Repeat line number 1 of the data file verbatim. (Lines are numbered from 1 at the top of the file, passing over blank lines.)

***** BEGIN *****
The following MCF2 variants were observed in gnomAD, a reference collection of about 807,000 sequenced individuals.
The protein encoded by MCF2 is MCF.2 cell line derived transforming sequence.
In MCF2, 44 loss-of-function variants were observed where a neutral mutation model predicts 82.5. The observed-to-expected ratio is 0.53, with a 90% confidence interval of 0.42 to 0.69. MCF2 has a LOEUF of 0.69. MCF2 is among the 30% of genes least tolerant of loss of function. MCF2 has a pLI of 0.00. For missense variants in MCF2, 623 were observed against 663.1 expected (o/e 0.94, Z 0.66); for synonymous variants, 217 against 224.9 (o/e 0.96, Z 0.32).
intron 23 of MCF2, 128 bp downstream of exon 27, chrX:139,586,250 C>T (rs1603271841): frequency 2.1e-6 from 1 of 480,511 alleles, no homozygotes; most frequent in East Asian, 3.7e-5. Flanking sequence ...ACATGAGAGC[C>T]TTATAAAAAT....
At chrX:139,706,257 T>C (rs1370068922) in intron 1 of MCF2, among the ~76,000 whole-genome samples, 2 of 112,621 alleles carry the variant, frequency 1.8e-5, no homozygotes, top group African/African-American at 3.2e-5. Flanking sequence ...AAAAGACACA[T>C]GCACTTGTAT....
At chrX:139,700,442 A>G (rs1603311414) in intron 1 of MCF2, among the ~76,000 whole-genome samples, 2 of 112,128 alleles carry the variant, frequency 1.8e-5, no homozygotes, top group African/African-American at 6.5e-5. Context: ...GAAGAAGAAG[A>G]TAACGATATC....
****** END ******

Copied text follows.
The following MCF2 variants were observed in gnomAD, a reference collection of about 807,000 sequenced individuals.